Big Foot Busts? Toronto Police Sued For Allegedly Profiling Women Based On Hairy Legs

Seven protesters are suing Toronto police for $1.4 million, claiming they were unfairly arrested and abused after being profiled by police, who looked for such things as “hairy legs.” That allegedly was one of the ways used to spot protesters — presumably those women with shaven legs were allowed to pass freely by the officers.

The women say that they were not only unfairly arrested and detained but sexually abused while in The seven were arrested on June 27, 2010 after they came out of a downtown pizza shop. The women say they were searched by male officers despite women officers being present and subjected to “derogatory and homophobic slurs.”

Their lawyers says that a profile developed by the senior police officials “included markers such as people who have backpacks, lawyers’ numbers on their arms, people with Quebec licence plates, people speaking French, people wearing black clothing.”

The complaint alleges that Police Supt. Mark Fenton characterized demonstrators as “protester terrorists.” The Ontario Independent Police Review Director has conducted an investigation into the incident and noted in its report that a constable wrote in his arrest notes that “all parties appear to be protesters; back packs; clothing and females all have hairy legs.” The arresting officer explained that “hairy legs” was an indicator he associated with female G20 protesters.

For full disclosure, I remain lead co-counsel (with Dan Schwartz of the Bryan Cave law firm) representing journalists and observers who were unfairly arrested during the World Bank/IMF protects in 2002. That case is still in discovery after it was discovered that key pieces of evidence had been destroyed or lost.

Source: CTV

18 thoughts on “Big Foot Busts? Toronto Police Sued For Allegedly Profiling Women Based On Hairy Legs”

  1. When you’re in America you do as Americans do. Women shave.

    Men only shave their faces, sometimes.

    Birgit shaved. She was born in Illinois.

  2. We had two girls in our high school class who were exchange students from Sweden. They were liked but thought of as a bit odd. One day one of them wore knee high pants, revealing a forest of hair. News of this spread like wildfire within the school. Quite a sensation it was. Some guys were betting whether or not they had hairy underarms. The were well shorn a day or two later.

  3. And another followup.

    Lt. John Pike, UC Davis Pepper Spray Cop, Resigns from UC Davis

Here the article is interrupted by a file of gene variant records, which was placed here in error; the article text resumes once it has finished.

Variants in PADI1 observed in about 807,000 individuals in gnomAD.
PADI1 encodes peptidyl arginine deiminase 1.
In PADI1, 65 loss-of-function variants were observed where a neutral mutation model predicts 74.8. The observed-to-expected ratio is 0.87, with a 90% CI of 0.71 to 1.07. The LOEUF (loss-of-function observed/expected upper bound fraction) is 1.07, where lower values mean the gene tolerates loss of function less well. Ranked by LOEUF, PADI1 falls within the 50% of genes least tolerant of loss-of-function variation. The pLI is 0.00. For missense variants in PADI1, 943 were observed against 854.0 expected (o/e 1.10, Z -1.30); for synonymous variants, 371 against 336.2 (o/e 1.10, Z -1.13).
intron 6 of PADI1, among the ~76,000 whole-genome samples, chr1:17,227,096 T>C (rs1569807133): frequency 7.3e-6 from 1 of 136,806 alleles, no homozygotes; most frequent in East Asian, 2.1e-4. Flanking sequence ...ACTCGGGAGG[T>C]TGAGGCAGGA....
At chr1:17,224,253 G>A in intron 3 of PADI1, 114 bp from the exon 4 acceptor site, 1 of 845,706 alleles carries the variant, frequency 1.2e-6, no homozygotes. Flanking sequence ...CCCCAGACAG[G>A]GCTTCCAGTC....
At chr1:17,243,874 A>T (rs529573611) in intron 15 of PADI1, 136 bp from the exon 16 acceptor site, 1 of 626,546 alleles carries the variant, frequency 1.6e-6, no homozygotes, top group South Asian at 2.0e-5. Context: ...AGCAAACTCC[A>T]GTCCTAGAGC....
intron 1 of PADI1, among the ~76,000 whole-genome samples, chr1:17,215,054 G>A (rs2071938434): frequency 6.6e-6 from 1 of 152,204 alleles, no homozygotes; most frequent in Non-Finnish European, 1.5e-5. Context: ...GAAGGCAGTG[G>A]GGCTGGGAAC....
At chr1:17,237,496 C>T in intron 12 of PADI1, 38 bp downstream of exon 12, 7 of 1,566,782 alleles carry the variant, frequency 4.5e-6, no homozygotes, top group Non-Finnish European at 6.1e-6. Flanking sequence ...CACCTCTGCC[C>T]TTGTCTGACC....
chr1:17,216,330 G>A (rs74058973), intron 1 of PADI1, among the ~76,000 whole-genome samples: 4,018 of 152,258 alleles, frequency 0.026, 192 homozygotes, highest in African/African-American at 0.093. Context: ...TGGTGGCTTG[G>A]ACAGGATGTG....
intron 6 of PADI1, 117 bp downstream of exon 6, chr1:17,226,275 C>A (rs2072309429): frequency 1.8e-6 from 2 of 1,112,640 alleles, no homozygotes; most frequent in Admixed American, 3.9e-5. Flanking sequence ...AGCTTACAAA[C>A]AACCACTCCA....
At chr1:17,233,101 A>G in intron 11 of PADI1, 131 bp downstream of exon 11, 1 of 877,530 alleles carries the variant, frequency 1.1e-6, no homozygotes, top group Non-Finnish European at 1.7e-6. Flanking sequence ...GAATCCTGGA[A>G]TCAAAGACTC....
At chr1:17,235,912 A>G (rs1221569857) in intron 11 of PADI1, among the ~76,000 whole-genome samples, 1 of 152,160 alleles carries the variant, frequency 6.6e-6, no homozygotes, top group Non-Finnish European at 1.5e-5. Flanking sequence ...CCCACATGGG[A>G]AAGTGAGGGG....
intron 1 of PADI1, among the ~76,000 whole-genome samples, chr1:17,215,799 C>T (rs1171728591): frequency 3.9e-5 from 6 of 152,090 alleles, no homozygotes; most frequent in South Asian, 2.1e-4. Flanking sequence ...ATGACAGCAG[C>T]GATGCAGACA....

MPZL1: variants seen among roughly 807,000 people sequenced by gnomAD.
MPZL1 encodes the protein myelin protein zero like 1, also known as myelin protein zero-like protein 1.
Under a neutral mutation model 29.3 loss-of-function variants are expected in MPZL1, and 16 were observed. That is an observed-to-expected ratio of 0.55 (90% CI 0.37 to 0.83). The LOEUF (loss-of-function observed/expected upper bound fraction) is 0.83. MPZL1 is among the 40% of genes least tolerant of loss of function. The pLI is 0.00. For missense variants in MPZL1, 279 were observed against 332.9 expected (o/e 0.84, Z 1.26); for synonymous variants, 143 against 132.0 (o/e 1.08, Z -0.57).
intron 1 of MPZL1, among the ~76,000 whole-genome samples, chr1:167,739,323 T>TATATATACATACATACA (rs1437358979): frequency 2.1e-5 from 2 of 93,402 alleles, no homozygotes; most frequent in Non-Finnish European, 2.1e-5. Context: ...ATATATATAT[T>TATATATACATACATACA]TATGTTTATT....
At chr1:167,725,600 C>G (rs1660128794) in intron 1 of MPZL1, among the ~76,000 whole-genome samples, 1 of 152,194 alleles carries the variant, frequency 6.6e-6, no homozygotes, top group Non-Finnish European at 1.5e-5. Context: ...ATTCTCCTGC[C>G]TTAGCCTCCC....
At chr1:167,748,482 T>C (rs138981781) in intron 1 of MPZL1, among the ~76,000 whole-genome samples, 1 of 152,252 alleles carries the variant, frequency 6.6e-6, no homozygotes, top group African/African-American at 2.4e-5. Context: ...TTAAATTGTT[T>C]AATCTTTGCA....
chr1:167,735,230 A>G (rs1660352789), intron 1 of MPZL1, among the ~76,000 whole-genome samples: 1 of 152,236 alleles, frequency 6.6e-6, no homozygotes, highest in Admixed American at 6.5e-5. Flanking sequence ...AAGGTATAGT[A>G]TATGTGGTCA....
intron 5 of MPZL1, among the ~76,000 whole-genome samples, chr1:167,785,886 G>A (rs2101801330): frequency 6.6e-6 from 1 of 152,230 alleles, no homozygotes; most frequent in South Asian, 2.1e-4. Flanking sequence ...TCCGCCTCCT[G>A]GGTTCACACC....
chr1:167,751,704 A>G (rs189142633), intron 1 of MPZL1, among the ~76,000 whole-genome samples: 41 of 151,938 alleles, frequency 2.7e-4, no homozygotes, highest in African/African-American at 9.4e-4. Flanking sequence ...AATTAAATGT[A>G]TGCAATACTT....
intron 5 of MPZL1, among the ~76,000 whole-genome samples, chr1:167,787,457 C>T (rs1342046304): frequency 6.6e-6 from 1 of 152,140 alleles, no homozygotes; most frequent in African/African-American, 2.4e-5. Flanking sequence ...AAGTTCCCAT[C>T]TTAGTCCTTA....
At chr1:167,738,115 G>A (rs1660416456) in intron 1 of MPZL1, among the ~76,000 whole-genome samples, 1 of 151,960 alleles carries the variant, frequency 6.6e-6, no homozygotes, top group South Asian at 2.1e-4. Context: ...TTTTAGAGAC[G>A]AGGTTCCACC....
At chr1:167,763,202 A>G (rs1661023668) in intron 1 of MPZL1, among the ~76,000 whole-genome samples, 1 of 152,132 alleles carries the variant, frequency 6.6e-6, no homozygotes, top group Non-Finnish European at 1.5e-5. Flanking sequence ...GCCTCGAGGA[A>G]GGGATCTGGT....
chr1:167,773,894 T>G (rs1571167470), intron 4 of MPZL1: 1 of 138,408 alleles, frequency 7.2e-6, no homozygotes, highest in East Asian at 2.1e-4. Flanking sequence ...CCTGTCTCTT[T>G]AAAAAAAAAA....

By – Posted on 01 August 2012
    Uc Davis Pepper Spray Report

    By Tyler Kingkade
    The Huffington Post, August 1, 2012

    Lt. John Pike, the campus police officer who pepper sprayed seated student protesters, is no longer working at the University of California, Davis, the Sacramento Bee reports.

    UC Davis spokesman Barry Shiller declined to elaborate or explain whether he was fired or left on his own accord.

    “Consistent with privacy guidelines established in state law and university policy, I can confirm that John Pike’s employment with the university ended on July 31, 2012,” Shiller told the Bee.

    Claudia Morain, News Service Director at UC Davis, also confirmed Pike’s departure to CNN but would not go into details. Pike also declined to comment when reached by the Bee.

    The Nov. 18, 2011 episode in which Pike blasted military grade pepper spray on unarmed students demonstrating against tuition hikes and budget cuts caused a nationwide uproar on college campuses. It lead to multiple internal investigations and reports. Pike was suspended with pay in the immediate aftermath.

    According to The Atlantic, Pike was still on administrative leave as recently as July 17, 2012.

    A task force report on the UC Davis pepper-spraying incident, released on April 11, found Pike’s decision to use pepper spray on seated protesters was “not authorized by policy” and “critically flawed.”

    “There is little factual basis supporting Lt. Pike’s belief that he was trapped by the protesters or that his officers were prevented from leaving the quad,” the report stated. “Further, there is little evidence that any protesters attempted to use violence against the police.”

    Students who say they were victims of the pepper spraying are suing campus police officers, including Pike, and the university, the Bee reports. Pike faced a previous lawsuit over an alleged anti-gay slur in 2003; that case was settled in 2008.

    The University of California Police Department has been cited for using excessive force on unarmed student protesters before. Students have been demonstrating at UC campuses for the past several years against budget cuts and increases to tuition and fees.

  4. Speaking of cops overdoing things, a followup…………